Articles - Archive


Excluding pistons and valves, everything in a car rotates: from the drive shaft – moved by the straight motion of the pistons - onwards everything rotates including gears, pulleys and bearings, ending with the wheels, the only part of the car tha

Inertia and friction


All rotating parts of a vehicle, and tires are no exception, have to overcome rotational inertia in order to accelerate

Nicodemo Angì

Excluding pistons and valves, everything in a car rotates: from the drive shaft – moved by the straight motion of the pistons - onwards everything rotates including gears, pulleys and bearings, ending with the wheels, the only part of the car that actually touches the road. All this "spinning" generates friction all the time, but during acceleration, the ever-present friction is also joined by the natural inertia of the car, including the resistance that all these rotating parts naturally oppose to changes in velocity. These additional mechanical resistances to speed changes must be added to that of the car resulting in the overall "effective mass" of the vehicle. A former Firestone executive said that one of Detroit's Big Three companies has challenged its suppliers, in order to comply with CAFE regulations (Corporate Average Fuel Economy) on fuel consumption, offering a 50 cents / pound (per car) bonus for weight reduction on a series of vehicle components. The prize doubled, significantly, if the weight reduction applied to a rotating part. This award was offered, coincidentally, at the start of a downsizing trend for both vehicles and components in the US, in order to improve scores in the CAFE standards.



Less weight, more money


The doubling of the prize earlier mentioned must be attributed to the  implicit acknowledgment that a weight reduction on a moving part, such as a tire for example, is  more important in the light of fuel economy than a static part. And that is even more critical for tires; if a spare wheel lodged in the trunk just adds mass, the same wheel on the road dissipates energy due to rolling resistance, and adds rotational inertia, to the point that the motto "a pound on a tire is like two on the frame" was coined. Engineers of course know that the resistance of a wheel to variations in speed depends not only on its size and mass but also on the mass distribution of the same (in the calculation also the rim and the brake drum or the brake discs are included) with respect to its rotation axis. The physical property that governs the response of a rotating body is the moment of inertia and increases rapidly as the mass grows away from the rotation axis.

In 2010, a popular American car magazine tested a Volkswagen Golf equipped with tires of the same make and model but with sizes ranging from 195 / 65R15 to 235 / 35R19 (the total height was about the same). The results were quite different from what was expected: the tires perceived as sportier - i.e. low profiles with an aspect ratio / 35 – were slower by  three tenths of a second in the classic 0-60 mph test.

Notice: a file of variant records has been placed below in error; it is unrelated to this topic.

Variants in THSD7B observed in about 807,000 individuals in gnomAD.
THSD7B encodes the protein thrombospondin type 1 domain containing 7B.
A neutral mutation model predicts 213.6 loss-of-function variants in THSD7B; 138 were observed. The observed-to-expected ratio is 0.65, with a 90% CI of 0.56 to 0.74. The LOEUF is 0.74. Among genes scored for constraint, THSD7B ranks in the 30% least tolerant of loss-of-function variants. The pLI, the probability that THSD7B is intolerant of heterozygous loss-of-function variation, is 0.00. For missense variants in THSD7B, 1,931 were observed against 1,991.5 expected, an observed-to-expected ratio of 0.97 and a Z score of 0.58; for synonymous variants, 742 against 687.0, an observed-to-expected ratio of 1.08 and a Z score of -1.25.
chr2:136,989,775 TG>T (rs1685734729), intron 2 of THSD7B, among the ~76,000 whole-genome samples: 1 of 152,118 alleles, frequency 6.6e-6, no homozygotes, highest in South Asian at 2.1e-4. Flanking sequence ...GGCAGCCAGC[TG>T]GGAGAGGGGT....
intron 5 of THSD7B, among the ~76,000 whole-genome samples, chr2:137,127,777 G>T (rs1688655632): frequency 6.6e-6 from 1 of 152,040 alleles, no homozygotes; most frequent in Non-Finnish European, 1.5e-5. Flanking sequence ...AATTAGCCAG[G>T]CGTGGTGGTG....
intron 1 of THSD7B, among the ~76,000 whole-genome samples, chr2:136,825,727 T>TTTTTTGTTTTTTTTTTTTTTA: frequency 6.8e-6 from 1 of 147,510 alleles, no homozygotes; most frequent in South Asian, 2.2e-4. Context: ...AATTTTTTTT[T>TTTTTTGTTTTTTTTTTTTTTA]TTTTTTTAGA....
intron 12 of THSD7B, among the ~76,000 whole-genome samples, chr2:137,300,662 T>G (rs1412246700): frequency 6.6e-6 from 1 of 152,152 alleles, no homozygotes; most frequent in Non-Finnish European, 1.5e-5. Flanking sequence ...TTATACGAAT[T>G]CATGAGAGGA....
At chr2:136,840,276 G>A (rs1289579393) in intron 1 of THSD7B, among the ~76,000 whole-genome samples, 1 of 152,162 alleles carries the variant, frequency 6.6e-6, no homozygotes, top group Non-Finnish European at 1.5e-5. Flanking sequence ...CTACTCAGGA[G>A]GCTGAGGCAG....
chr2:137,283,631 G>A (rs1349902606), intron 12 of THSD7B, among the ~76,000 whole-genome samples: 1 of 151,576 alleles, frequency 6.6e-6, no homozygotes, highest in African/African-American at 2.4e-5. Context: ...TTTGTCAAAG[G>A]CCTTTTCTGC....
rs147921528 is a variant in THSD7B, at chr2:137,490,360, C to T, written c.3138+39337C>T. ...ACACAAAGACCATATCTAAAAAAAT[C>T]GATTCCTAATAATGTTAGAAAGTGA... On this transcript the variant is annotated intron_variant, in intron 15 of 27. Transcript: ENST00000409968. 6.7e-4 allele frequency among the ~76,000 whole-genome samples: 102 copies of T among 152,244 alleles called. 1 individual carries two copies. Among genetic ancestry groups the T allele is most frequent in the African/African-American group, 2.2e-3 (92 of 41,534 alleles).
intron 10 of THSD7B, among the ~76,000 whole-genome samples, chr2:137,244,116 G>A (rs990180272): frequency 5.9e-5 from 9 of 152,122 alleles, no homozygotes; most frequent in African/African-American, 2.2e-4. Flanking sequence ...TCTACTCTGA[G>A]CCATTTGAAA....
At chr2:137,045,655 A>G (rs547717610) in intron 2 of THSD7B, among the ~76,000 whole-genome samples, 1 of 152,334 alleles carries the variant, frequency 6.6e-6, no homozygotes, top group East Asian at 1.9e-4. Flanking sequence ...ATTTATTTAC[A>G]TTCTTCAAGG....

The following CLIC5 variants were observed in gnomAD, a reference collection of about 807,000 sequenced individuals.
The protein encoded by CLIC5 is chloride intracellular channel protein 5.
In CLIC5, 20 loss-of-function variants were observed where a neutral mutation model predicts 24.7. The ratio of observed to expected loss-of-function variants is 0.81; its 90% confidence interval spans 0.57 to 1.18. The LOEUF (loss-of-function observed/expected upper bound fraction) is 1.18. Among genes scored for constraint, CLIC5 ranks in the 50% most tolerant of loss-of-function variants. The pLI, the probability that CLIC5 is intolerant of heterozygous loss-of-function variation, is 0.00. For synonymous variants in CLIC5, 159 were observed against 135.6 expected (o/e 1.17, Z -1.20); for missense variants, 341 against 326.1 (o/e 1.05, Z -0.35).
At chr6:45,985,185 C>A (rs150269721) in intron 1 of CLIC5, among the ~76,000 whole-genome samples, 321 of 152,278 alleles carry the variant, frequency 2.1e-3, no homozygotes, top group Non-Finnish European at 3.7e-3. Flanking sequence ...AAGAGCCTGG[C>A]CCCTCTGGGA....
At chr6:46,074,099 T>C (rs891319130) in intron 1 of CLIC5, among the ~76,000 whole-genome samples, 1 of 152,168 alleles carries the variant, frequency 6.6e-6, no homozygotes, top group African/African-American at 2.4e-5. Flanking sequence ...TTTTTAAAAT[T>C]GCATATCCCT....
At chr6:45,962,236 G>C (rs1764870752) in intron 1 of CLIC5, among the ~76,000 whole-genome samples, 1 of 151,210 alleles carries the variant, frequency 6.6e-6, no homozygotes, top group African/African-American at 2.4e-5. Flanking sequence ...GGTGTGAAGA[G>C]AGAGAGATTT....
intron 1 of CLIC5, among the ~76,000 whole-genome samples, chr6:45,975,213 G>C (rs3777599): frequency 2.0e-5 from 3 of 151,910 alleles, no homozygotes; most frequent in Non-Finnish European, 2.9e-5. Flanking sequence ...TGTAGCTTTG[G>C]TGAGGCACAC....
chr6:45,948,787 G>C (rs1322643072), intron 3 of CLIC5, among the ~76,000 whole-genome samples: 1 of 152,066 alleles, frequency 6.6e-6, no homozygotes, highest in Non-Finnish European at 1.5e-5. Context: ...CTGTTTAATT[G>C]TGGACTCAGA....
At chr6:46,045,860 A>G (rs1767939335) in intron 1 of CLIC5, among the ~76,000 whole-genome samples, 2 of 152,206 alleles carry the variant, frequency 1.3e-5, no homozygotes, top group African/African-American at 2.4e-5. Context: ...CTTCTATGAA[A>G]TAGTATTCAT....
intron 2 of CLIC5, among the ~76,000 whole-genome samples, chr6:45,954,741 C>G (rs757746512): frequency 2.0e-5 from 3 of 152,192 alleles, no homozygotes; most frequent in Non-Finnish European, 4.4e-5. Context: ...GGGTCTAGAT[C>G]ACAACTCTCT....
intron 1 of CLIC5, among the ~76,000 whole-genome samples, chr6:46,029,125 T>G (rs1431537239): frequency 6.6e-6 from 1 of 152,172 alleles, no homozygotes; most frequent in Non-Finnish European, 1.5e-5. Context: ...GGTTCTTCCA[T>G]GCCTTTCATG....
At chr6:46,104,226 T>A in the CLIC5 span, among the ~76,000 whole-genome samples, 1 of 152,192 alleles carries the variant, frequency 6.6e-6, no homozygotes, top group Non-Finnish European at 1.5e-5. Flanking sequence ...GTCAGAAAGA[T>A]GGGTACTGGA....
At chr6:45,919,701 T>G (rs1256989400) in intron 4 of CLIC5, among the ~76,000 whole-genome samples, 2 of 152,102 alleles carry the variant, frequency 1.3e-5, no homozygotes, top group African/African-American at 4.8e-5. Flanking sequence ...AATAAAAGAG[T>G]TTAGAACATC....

The rotational inertia of the tire-brake-wheel unit         

Consumption too increased by almost 10% compared to the / 65s. In other words, the 15-inch wheels out-performed the much more "trendy" 19 inchers in two important results; it was interesting to note that this trend was evident in each of the tires tested - 5 different sizes from /65 to /35.

The different distribution of the tire-wheel mass affected the results (the braking system remained the same course): the low profiles had "more" rim and rubber externally, and this increased the moment of inertia . The wider tires, therefore, failed to compensate with a higher grip (which, incidentally, increased fuel consumption due to the higher friction) a higher moment of inertia.

A university team has recently worked in Goodyear’s R & D department, using the manufacturer’s state of the art equipment for inertial measurement. The calculations were based on theoretical principles and perfected through experimental data, and concerned various alloy wheels and steel radial tires for cars, trucks, SUVs and even airplanes. Among the results the team reported that the aforementioned effective vehicle mass increases by 2.6% with 195/65 R15 and 4.2% with 235 / 35R17 as a result of the moments of inertia of the whole tire/wheel unit; the latter is equivalent to a 59 kg increase! Even more unexpected was the fact that a decrease in mass due to tread wear is more important, in reducing the moment of inertia, than, say, substituting a steel wheel with an alloy wheel: inertia, in fact, depends mainly from the distance of the mass from the rotation axis.

Furthermore, the rotational inertia of the tire-brake-wheel unit greatly affects fuel consumption, especially in stop-and-go driving in a city center, while at a constant speed, such as on motorways, this effect is notably reduced, unlike rolling resistance, which is always present. This also explains why electric vehicles, which are called on to make the most of their battery power, generally have narrow tires with fairly generous diameters: larger diameters in fact promote low rolling resistance.

The visual impact of a low profile tire on a large wheel is undoubtedly remarkable, as well as the handling it provides, since the reduced height of the sidewalls enhances driving precision. The downside is an unexpected drop in acceleration, due to the high concentration of the tire-wheel mass away from the rotation axis, especially noticeable when accelerating and braking continuously: one more reason to drive smoothly!


back to archive